Value is intended to return the numeric value of a statement contained in a string. This can be useful if one needs to create a calculation dynamically within code. I'm not sure that it's the best way of reading an array from a text file though - I would think that you'd be better-off using the FileIO Xtra to open the file and then parse it into an array character-by-character.
You may find that the "do" command will be more suitable to your current method of working though - it attempts to execute the expression contained in a string. So something like
set myArrayString = "[1, 2, 3, 4]"
set myArray = void
do "myArray =" && myArrayString
is a better way of converting strings into arrays (note that "myArray" is initialised prior to the "do" command so that Director's compiler recognises the creation of the variable and doesn't throw a script error when you try to close the script-edit window).
You could also arrange your text-based data in XML format and then convert it into Director data using the xmlparser Xtra (the xmlparser takes a wee bit of experimenting to get the hang of, but is pretty handy once you master it).
Another solution would be to use the BudyFile Xtra (from the same people who do the BuddyApi Xtra - google it to find their site). This has functions that allow you to read and write files containing Director arrays comprised of virtually any Director datatype, with optional encryption if desired.
Hope that helps.
Value works well for converting strings into lists, however, as you discovered it fails if the string is too large or too complicated.
In the old days I would have recommended the Vlist xtra. You could use it to read and write lists and there was no charge if that was the only functionality you needed. It seems to be discontinued although you can still download it.
Depending on how you interact with the data in the list, using a SQLite database may be a better option. It is blazingly fast if you design your database well. Free xtra here: http://staff.dasdeck.de/valentin/xtras/sqlite_xtra/
If you just want to stick with your list and don't mind long startup times, then the FileIO xtra will work as Adam suggested. I wrote a couple functions to do this. One for loading a text file into a list and one to save the list back out to a text file. On my machine it took 50 seconds to load a 400000 word file and 4 seconds to save it.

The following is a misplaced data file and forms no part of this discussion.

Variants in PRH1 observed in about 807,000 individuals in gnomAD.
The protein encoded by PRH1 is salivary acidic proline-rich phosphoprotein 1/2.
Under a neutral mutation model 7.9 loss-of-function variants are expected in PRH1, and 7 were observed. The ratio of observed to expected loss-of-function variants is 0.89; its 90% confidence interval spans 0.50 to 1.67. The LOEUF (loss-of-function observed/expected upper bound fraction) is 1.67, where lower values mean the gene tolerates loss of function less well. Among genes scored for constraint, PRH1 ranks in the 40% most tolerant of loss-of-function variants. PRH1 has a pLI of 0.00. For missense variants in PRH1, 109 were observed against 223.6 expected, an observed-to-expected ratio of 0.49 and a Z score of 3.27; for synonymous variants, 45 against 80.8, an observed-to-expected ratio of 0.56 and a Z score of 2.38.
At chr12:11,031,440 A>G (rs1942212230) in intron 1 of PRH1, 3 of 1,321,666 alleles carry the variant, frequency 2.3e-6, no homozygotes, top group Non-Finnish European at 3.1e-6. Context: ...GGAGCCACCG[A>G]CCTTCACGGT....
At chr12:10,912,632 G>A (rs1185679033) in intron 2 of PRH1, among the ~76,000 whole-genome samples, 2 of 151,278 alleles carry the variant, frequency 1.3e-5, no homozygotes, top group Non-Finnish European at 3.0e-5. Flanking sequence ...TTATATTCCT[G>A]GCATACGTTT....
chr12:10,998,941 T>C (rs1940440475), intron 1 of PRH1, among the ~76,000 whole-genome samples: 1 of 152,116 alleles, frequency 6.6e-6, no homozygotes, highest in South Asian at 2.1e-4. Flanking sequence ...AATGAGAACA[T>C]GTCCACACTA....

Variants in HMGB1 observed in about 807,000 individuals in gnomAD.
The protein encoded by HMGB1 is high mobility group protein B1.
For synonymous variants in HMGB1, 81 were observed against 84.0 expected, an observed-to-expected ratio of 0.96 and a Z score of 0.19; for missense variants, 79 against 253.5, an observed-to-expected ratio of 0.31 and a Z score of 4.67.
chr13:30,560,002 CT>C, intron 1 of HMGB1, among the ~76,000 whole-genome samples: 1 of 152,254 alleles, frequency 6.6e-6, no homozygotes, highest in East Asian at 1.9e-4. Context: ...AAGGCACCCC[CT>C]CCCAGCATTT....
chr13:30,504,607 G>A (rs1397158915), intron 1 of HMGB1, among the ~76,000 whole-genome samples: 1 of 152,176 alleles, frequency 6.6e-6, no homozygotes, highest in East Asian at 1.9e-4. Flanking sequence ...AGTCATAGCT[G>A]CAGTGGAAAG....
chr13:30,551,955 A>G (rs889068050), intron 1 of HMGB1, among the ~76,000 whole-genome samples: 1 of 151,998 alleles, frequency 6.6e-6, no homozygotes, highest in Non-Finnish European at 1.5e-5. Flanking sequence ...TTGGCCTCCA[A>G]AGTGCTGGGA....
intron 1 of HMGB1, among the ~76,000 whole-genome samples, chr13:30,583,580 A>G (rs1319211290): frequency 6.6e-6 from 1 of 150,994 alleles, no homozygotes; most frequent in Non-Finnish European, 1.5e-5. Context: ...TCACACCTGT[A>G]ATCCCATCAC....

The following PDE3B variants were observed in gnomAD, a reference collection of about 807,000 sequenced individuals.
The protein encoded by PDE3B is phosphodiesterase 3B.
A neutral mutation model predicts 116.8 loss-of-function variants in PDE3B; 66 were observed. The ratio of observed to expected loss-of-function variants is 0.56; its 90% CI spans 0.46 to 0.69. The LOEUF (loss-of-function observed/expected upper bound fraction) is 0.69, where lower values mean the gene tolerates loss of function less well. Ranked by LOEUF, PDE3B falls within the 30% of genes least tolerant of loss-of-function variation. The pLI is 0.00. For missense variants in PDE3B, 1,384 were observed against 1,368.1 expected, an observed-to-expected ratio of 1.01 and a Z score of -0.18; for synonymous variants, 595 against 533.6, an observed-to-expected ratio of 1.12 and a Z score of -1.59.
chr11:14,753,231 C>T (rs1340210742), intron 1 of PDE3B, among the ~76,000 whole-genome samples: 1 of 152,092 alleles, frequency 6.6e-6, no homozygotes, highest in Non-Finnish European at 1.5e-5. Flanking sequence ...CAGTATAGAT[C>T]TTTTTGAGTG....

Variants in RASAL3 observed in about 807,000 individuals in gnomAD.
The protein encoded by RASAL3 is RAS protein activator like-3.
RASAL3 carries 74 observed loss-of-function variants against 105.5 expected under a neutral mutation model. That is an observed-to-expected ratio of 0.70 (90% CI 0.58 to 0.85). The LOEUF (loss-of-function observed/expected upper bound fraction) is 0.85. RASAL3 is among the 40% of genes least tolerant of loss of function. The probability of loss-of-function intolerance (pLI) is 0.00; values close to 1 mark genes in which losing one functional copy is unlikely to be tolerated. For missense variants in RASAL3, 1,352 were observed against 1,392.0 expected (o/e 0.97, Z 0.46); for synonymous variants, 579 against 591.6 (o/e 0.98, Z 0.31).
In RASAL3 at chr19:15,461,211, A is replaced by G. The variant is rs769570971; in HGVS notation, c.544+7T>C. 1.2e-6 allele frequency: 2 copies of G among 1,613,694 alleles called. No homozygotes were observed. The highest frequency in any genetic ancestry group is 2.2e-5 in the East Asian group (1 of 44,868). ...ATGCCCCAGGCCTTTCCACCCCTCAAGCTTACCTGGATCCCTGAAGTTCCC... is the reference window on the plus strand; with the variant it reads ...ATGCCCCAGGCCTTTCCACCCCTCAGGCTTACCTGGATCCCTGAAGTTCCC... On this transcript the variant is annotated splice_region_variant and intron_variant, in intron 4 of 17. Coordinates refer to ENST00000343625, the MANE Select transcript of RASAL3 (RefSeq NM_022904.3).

To try the code out do the following in the message window:
h = ["One","two","three","four"]
saveStringList(h, _movie.path & "mydata.txt")
h = 
loadStringList(h, _movie.path & "mydata.txt")
The load function expects a space delimited file with the first word indicating how many words are in the file. It is probably best to use the saveStringList() function first to create a file that can be read in.
These functions are design to work with a linear list of strings. Nothing more.
-- Movie script list functions
-- Read SPACE delimited strings into the list DataList
-- * First string MUST be the string/word count.
on loadStringList DataList, FilePath
FileIn = new(xtra "fileIO")
FileIn.openFile(FilePath, 1) -- Open the file with read-only access
if FileIn.status() then
put "Error reading data in handler loadStringList. "
WordCnt = Value(FileIn.readWord())
repeat with cnt = 1 to WordCnt
-- Saves a list of Strings to a file delimited by spaces
on saveStringList DataList, FilePath
FileOut = new(xtra "fileIO")
FileOut.openFile(FilePath, 2) -- Open the file with write-only access
if FileOut.status() then
put " Error writing file in handler saveStringList ."
WordCount = DataList.count
FileOut.writeString(String(WordCount) & Space)
repeat with Val in DataList
FileOut.writeString(Val & Space)